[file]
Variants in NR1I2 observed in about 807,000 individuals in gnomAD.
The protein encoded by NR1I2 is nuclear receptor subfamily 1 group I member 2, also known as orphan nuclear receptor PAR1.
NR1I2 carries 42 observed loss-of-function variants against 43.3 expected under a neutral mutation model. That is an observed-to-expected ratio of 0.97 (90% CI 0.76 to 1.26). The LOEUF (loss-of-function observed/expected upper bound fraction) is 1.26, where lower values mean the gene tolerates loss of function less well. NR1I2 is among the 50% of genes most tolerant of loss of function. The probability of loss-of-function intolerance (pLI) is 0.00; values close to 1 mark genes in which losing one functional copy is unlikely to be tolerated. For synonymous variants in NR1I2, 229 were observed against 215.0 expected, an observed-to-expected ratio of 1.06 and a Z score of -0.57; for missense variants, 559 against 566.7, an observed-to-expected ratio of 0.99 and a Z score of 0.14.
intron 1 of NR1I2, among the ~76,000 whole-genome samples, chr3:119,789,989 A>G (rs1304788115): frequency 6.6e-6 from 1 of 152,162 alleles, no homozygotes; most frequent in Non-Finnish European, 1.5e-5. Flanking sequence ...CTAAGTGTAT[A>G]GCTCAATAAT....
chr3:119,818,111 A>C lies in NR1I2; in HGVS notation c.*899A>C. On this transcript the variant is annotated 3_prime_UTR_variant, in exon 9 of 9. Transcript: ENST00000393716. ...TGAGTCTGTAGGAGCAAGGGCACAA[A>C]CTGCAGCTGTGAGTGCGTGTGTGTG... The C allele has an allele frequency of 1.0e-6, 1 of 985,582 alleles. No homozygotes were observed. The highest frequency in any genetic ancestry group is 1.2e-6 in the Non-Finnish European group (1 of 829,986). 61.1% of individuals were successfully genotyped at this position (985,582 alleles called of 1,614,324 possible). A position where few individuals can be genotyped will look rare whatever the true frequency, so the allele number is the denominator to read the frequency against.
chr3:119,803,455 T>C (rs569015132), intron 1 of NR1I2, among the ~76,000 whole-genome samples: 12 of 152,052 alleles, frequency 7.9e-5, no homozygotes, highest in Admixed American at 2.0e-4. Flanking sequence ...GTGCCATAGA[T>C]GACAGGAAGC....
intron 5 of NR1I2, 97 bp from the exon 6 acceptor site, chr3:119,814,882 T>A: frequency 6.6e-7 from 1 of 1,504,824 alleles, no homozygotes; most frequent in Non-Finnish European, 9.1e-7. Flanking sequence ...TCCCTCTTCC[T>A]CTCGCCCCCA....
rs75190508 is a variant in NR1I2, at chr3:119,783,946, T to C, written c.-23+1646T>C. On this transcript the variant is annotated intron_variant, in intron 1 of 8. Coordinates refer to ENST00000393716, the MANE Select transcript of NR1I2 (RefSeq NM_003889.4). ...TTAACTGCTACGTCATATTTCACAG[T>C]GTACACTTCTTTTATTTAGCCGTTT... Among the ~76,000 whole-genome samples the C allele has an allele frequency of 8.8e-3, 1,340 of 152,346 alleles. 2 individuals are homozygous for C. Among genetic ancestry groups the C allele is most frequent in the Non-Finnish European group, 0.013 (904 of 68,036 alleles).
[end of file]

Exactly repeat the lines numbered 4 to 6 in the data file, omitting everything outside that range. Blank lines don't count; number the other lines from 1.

intron 1 of NR1I2, among the ~76,000 whole-genome samples, chr3:119,789,989 A>G (rs1304788115): frequency 6.6e-6 from 1 of 152,162 alleles, no homozygotes; most frequent in Non-Finnish European, 1.5e-5. Flanking sequence ...CTAAGTGTAT[A>G]GCTCAATAAT....
chr3:119,818,111 A>C lies in NR1I2; in HGVS notation c.*899A>C. On this transcript the variant is annotated 3_prime_UTR_variant, in exon 9 of 9. Transcript: ENST00000393716. ...TGAGTCTGTAGGAGCAAGGGCACAA[A>C]CTGCAGCTGTGAGTGCGTGTGTGTG... The C allele has an allele frequency of 1.0e-6, 1 of 985,582 alleles. No homozygotes were observed. The highest frequency in any genetic ancestry group is 1.2e-6 in the Non-Finnish European group (1 of 829,986). 61.1% of individuals were successfully genotyped at this position (985,582 alleles called of 1,614,324 possible). A position where few individuals can be genotyped will look rare whatever the true frequency, so the allele number is the denominator to read the frequency against.
chr3:119,803,455 T>C (rs569015132), intron 1 of NR1I2, among the ~76,000 whole-genome samples: 12 of 152,052 alleles, frequency 7.9e-5, no homozygotes, highest in Admixed American at 2.0e-4. Flanking sequence ...GTGCCATAGA[T>C]GACAGGAAGC....